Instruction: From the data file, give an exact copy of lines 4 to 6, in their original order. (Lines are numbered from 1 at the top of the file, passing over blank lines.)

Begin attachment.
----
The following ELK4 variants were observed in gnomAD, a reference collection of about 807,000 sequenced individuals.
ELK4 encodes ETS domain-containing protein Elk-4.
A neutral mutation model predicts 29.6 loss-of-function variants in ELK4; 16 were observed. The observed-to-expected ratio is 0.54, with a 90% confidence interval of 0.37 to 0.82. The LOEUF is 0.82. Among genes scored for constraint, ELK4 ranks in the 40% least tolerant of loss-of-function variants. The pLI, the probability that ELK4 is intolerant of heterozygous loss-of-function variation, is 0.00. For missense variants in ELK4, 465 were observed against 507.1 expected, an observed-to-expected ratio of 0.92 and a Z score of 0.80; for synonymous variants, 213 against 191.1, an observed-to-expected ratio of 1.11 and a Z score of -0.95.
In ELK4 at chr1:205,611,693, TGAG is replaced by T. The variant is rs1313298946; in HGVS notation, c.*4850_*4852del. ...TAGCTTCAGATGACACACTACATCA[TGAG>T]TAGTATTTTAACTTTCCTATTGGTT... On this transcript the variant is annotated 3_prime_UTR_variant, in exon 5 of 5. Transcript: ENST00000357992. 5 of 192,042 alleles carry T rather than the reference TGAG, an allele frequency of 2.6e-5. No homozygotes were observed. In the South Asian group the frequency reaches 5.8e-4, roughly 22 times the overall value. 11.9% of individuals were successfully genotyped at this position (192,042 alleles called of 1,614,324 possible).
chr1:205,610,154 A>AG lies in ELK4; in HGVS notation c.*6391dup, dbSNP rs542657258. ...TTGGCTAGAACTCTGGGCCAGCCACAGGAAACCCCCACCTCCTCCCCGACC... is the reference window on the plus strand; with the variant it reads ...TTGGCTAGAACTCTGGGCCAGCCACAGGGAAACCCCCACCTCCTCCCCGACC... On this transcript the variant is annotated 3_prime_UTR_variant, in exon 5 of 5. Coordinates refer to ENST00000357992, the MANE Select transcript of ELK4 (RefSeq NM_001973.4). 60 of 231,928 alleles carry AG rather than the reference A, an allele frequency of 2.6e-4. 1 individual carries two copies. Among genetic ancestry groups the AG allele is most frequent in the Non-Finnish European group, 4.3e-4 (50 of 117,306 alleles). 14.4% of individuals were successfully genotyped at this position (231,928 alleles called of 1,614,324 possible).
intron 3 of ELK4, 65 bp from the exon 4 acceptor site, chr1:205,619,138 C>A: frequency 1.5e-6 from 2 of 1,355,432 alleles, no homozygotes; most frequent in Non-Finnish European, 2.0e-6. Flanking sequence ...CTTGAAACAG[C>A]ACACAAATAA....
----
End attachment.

In ELK4 at chr1:205,611,693, TGAG is replaced by T. The variant is rs1313298946; in HGVS notation, c.*4850_*4852del. ...TAGCTTCAGATGACACACTACATCA[TGAG>T]TAGTATTTTAACTTTCCTATTGGTT... On this transcript the variant is annotated 3_prime_UTR_variant, in exon 5 of 5. Transcript: ENST00000357992. 5 of 192,042 alleles carry T rather than the reference TGAG, an allele frequency of 2.6e-5. No homozygotes were observed. In the South Asian group the frequency reaches 5.8e-4, roughly 22 times the overall value. 11.9% of individuals were successfully genotyped at this position (192,042 alleles called of 1,614,324 possible).
chr1:205,610,154 A>AG lies in ELK4; in HGVS notation c.*6391dup, dbSNP rs542657258. ...TTGGCTAGAACTCTGGGCCAGCCACAGGAAACCCCCACCTCCTCCCCGACC... is the reference window on the plus strand; with the variant it reads ...TTGGCTAGAACTCTGGGCCAGCCACAGGGAAACCCCCACCTCCTCCCCGACC... On this transcript the variant is annotated 3_prime_UTR_variant, in exon 5 of 5. Coordinates refer to ENST00000357992, the MANE Select transcript of ELK4 (RefSeq NM_001973.4). 60 of 231,928 alleles carry AG rather than the reference A, an allele frequency of 2.6e-4. 1 individual carries two copies. Among genetic ancestry groups the AG allele is most frequent in the Non-Finnish European group, 4.3e-4 (50 of 117,306 alleles). 14.4% of individuals were successfully genotyped at this position (231,928 alleles called of 1,614,324 possible).
intron 3 of ELK4, 65 bp from the exon 4 acceptor site, chr1:205,619,138 C>A: frequency 1.5e-6 from 2 of 1,355,432 alleles, no homozygotes; most frequent in Non-Finnish European, 2.0e-6. Flanking sequence ...CTTGAAACAG[C>A]ACACAAATAA....